source: 614th Bombardment Squadron History www.401bg.org
401BG / 615BS Mission Report - This was an all-out effort by the 8th Air Force on Frankfurt, and well over 800 four-engined aircraft were despatched, with an escort of 632 fighters. The 401st briefed 35 crews for the mission with Major E.W. Brown as the Air Commander. The flak and fighters caused the loss of 29 bombers, 4 of them from the 401st, three of them from the 615th Squadron. The Group ran into very heavy fighter opposition just after bombs away and the three 615th aircraft, flying as an element in the Low Box, were hit and exploded. The three crews were those of Capt. R.T. Beers, Lt. L.C. Van Syckle and Lt. D.T. Nicklawsky. The other ship to go down was 42-31486, piloted by Lt. John Tannahill of the 612th Squadron. 42-31077 Lewis, 42-31193 Beers (MIA), 42-31069 Gould, 42-40057 Nicklawsky (MIA), 42-31518 Gardner, 42-31012 Van Syckle (MIA).
source: 615th Bombardment Squadron History www.401bg.org
44BG Mission Report - The 67th participated in the bombing mission to Frankfurt, Germany today six planes departing this base at 0750 combined with the rest of the 44th Group. All six reached the target and bombed, but only five returned to base at 1405hours. 1st Lt. Harold H. Pinder and crew are MIA. Also MIA is a crew from the 66th Squadron - A/C #41-29157 piloted by 1st Lt. G.H. Maynard. This plane was observed to leave the formation and fly for a bit with another formation to the left. Shortly a fire broke out in the bomb bay and 2 chutes were seen to open, and disappeared into the undercast below. 67th A/C #42-7547 X Pinder, Harold H. 1st Lt. Pilot Burgettstown, PA. Officially reported POW Grono, Lawrence W. 2nd Lt. Co-pilot Minneapolis, Minn. Unreported; became POW, repatriated; died August 1944 Boomer, Donald S. 2nd Lt. Navigator Mesa, Arizona Officially reported POW Stubbs, Alvan E. 2nd Lt. Bombardier Oklahoma City, Ok. Unreported; but KIA, died in the nose turret. Hall, Earl W. T/Sgt. Engineer Parkersburg, W.Va. Unreported; but became POW Sofferman, Abe T/Sgt. Radio Oper. Bronx, New York Unreported; but later KIA Laucamp, Robert L. S/Sgt. Gunner Tipton, Iowa Unreported; but KIA, died in aircraft Robison, Jack C. S/Sgt. Gunner, RW Wabash, Indiana Unreported, but KIA, died in aircraft Paxton, William A. Jr. S/sgt. Tail Gun Brooklyn, New York Unreported; but KIA, died in aircraft Green, Milas L. S/Sgt. Gunner, LW Clyde, No. Carolina Officially reported POW Lt. Pinder relates: "We were met on the coast and on in by both Me 109s and FW 190s. At about 1102 hours we dropped out of control after about three separate enemy passes. We took 20 mm hits under the flight deck that cut the control cables - I couldn't get the auto pilot to take over control. One wing was on fire and at least #4 engine was out? Larry Grono parachuted, POW; repatriated approx. July but died in August from tuberculosis. Engineer Hall, Ass't Engineer Green and Radio Operator Sofferman parachuted, along with Lt. Pinder. Jack Robison pushed Green out the rear hatch and pulled his ripcord as Green was in shock from a 20 mm hit through both lower legs, but did not himself get out. "Sgt. Sofferman and I were on the loose for three months with Belgium Resistance group. But Sofferman was killed by German Secret Police in April '44 and I was captured," said Lt. Pinder.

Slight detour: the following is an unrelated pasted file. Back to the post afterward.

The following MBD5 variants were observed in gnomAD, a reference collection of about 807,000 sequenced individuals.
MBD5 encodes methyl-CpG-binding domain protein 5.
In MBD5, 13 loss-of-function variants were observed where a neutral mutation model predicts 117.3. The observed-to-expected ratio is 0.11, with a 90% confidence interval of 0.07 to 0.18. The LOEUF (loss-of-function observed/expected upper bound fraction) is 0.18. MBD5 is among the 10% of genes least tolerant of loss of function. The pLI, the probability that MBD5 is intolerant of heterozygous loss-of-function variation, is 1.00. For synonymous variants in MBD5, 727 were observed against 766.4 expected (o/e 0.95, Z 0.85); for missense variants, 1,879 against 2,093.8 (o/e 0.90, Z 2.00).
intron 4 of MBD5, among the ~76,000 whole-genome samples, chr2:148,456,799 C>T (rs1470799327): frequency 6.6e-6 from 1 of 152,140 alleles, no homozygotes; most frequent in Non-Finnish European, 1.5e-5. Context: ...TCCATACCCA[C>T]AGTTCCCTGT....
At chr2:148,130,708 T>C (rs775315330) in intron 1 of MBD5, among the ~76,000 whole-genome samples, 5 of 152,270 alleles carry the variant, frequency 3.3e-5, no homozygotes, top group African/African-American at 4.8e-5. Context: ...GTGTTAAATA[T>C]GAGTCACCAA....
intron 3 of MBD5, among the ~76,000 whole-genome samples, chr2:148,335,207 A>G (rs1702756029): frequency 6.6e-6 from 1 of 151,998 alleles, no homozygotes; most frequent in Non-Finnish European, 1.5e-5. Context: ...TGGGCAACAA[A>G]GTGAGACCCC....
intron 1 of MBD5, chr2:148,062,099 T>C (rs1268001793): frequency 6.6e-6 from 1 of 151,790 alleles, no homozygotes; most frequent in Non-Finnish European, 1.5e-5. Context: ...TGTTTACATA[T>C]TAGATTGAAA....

source: 44th Bomb Group web page http://www.8thairforce.com/44thbg
24 planes dropped on Frankfurt with good results. One plane, Hula Wahine (42-7578) piloted by 2/Lt Ernest Bruce, lost all 4 superchargers. Fighting off repeated enemy fighter attacks while flying 75 feet over Belgium, the pilot crash landed at an RAF base with 2 wounded crewmen.
source: 446th Bomb Group www.446bg.com
447BG Mission Report - Between the hours of 0721 and 0745, 29 January 1944, 31 A/C of the 447th Bombardment Group (H), "A" group, took off.
source: 447 Bomb Group Association http://www.447bg.com
91st BG / 323nd BS Mission Report - Frankfurt, Germany, was the target for bombers of the 8th Air Force. That day, twelve 323rd crews and twelve 323rd ships took part in this mission. It was made possible because of the recent increase in strength of the squadron as well as the absence of so many losses as we have had in the past. Considerable enemy opposition was encountered both from their fighters and their flak. All ships returned safely without injury to their personnel, but some of the ships were quite severely damaged by flak, especially Ship #759. The top of its rudder was torn off in a collision with another ship, as well as being damaged by flak. Ships #746 and #712 reached enemy territory but had to return to base due to mechanical failures.
91st BG / 322nd BS Mission Report - Raid on Frankfurt, Germany. Bomb Load: 12 x 500; 6 x 500. Bombing Altitude: 22-25,000. Bombing Results: Dropped on PFF., 10/10 cloud. Time: Take off 0800. Target 1125. Ar. Base 1430. A.A. Fire: Moderate and inaccurate. Damage to A/C: 3 A/C,, minor damage; 1 A/C major damage. Fighter opposition: 30-40 E/A, mostly rocket-firing. A/C. Attacks were generally directed toward other groups.
In a continuous two-hour battle, beginning at Frankfurt, A/C 967 (Man o War), piloted by Lt. Burtt, was crippled by direct hits that knocked out two motors. Sgt. Wright was killed by a 20 mm. hit. His courage and spirit was an inspiration to the entire crew. With the third motor out, Man O War crashed in an English turnip field to fly no more. S/Sgt. Grubb (R/O) injured by fragment from a 20 mm. explosion, was the only other casualty.
91st BG / 324th BS Mission Report - Target: Frankfurt Center of City Bombing results unobserved - 10/10ths. Enemy aircraft very aggressive. Enemy rockets accounted for some B-17's. Flak was moderate and inaccurate for our aircraft. Two of which were damaged slightly. Fighter cover was fair, many gaps without escort.